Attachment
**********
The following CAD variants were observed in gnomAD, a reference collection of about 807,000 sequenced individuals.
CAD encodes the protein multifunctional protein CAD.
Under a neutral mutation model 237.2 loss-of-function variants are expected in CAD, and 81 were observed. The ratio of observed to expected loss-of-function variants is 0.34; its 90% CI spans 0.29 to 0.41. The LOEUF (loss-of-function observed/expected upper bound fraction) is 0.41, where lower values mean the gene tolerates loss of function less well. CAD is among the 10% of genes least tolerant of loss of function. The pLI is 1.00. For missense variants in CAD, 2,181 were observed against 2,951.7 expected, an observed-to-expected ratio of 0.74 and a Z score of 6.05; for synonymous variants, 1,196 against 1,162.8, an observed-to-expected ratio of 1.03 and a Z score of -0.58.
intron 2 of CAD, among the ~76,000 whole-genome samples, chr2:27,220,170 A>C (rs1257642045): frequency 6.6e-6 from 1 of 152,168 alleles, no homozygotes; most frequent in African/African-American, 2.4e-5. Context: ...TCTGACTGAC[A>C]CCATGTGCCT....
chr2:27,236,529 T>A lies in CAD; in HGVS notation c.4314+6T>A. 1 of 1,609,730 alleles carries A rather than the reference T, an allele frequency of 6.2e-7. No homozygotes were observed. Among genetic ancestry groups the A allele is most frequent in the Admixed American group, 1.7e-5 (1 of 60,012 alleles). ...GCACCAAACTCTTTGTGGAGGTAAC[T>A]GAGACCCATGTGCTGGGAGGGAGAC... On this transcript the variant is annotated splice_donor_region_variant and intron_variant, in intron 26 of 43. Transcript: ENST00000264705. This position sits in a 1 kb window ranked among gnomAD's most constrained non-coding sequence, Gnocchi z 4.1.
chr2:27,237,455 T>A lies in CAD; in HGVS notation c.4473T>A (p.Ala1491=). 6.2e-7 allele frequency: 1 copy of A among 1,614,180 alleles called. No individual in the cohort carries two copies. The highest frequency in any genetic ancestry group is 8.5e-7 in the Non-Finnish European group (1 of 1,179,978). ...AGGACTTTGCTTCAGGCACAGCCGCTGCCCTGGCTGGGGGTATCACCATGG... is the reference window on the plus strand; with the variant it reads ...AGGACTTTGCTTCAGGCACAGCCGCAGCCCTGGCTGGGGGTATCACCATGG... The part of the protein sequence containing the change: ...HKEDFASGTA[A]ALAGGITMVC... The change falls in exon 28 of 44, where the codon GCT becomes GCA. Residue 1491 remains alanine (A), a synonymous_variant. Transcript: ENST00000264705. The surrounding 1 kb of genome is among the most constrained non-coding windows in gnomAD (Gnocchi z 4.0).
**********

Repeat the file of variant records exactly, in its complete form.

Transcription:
The following CAD variants were observed in gnomAD, a reference collection of about 807,000 sequenced individuals.
CAD encodes the protein multifunctional protein CAD.
Under a neutral mutation model 237.2 loss-of-function variants are expected in CAD, and 81 were observed. The ratio of observed to expected loss-of-function variants is 0.34; its 90% CI spans 0.29 to 0.41. The LOEUF (loss-of-function observed/expected upper bound fraction) is 0.41, where lower values mean the gene tolerates loss of function less well. CAD is among the 10% of genes least tolerant of loss of function. The pLI is 1.00. For missense variants in CAD, 2,181 were observed against 2,951.7 expected, an observed-to-expected ratio of 0.74 and a Z score of 6.05; for synonymous variants, 1,196 against 1,162.8, an observed-to-expected ratio of 1.03 and a Z score of -0.58.
intron 2 of CAD, among the ~76,000 whole-genome samples, chr2:27,220,170 A>C (rs1257642045): frequency 6.6e-6 from 1 of 152,168 alleles, no homozygotes; most frequent in African/African-American, 2.4e-5. Context: ...TCTGACTGAC[A>C]CCATGTGCCT....
chr2:27,236,529 T>A lies in CAD; in HGVS notation c.4314+6T>A. 1 of 1,609,730 alleles carries A rather than the reference T, an allele frequency of 6.2e-7. No homozygotes were observed. Among genetic ancestry groups the A allele is most frequent in the Admixed American group, 1.7e-5 (1 of 60,012 alleles). ...GCACCAAACTCTTTGTGGAGGTAAC[T>A]GAGACCCATGTGCTGGGAGGGAGAC... On this transcript the variant is annotated splice_donor_region_variant and intron_variant, in intron 26 of 43. Transcript: ENST00000264705. This position sits in a 1 kb window ranked among gnomAD's most constrained non-coding sequence, Gnocchi z 4.1.
chr2:27,237,455 T>A lies in CAD; in HGVS notation c.4473T>A (p.Ala1491=). 6.2e-7 allele frequency: 1 copy of A among 1,614,180 alleles called. No individual in the cohort carries two copies. The highest frequency in any genetic ancestry group is 8.5e-7 in the Non-Finnish European group (1 of 1,179,978). ...AGGACTTTGCTTCAGGCACAGCCGCTGCCCTGGCTGGGGGTATCACCATGG... is the reference window on the plus strand; with the variant it reads ...AGGACTTTGCTTCAGGCACAGCCGCAGCCCTGGCTGGGGGTATCACCATGG... The part of the protein sequence containing the change: ...HKEDFASGTA[A]ALAGGITMVC... The change falls in exon 28 of 44, where the codon GCT becomes GCA. Residue 1491 remains alanine (A), a synonymous_variant. Transcript: ENST00000264705. The surrounding 1 kb of genome is among the most constrained non-coding windows in gnomAD (Gnocchi z 4.0).